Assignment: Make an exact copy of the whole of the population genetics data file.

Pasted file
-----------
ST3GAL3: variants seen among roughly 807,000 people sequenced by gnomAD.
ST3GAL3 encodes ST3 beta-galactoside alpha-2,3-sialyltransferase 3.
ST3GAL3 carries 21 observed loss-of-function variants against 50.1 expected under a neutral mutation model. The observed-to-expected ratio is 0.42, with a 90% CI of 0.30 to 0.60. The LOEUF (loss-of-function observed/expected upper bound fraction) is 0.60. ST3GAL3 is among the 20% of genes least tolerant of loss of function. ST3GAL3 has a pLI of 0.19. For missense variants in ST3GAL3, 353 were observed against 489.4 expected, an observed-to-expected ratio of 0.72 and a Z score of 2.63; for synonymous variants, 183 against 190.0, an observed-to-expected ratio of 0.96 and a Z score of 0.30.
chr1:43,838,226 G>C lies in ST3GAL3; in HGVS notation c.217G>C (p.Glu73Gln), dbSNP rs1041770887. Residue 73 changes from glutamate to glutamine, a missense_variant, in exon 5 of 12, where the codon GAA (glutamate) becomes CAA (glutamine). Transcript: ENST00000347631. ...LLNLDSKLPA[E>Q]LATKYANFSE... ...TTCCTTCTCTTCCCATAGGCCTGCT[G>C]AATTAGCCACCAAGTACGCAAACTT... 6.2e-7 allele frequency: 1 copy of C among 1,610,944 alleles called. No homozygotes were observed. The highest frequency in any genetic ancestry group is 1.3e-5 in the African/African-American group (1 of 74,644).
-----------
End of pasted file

ST3GAL3: variants seen among roughly 807,000 people sequenced by gnomAD.
ST3GAL3 encodes ST3 beta-galactoside alpha-2,3-sialyltransferase 3.
ST3GAL3 carries 21 observed loss-of-function variants against 50.1 expected under a neutral mutation model. The observed-to-expected ratio is 0.42, with a 90% CI of 0.30 to 0.60. The LOEUF (loss-of-function observed/expected upper bound fraction) is 0.60. ST3GAL3 is among the 20% of genes least tolerant of loss of function. ST3GAL3 has a pLI of 0.19. For missense variants in ST3GAL3, 353 were observed against 489.4 expected, an observed-to-expected ratio of 0.72 and a Z score of 2.63; for synonymous variants, 183 against 190.0, an observed-to-expected ratio of 0.96 and a Z score of 0.30.
chr1:43,838,226 G>C lies in ST3GAL3; in HGVS notation c.217G>C (p.Glu73Gln), dbSNP rs1041770887. Residue 73 changes from glutamate to glutamine, a missense_variant, in exon 5 of 12, where the codon GAA (glutamate) becomes CAA (glutamine). Transcript: ENST00000347631. ...LLNLDSKLPA[E>Q]LATKYANFSE... ...TTCCTTCTCTTCCCATAGGCCTGCT[G>C]AATTAGCCACCAAGTACGCAAACTT... 6.2e-7 allele frequency: 1 copy of C among 1,610,944 alleles called. No homozygotes were observed. The highest frequency in any genetic ancestry group is 1.3e-5 in the African/African-American group (1 of 74,644).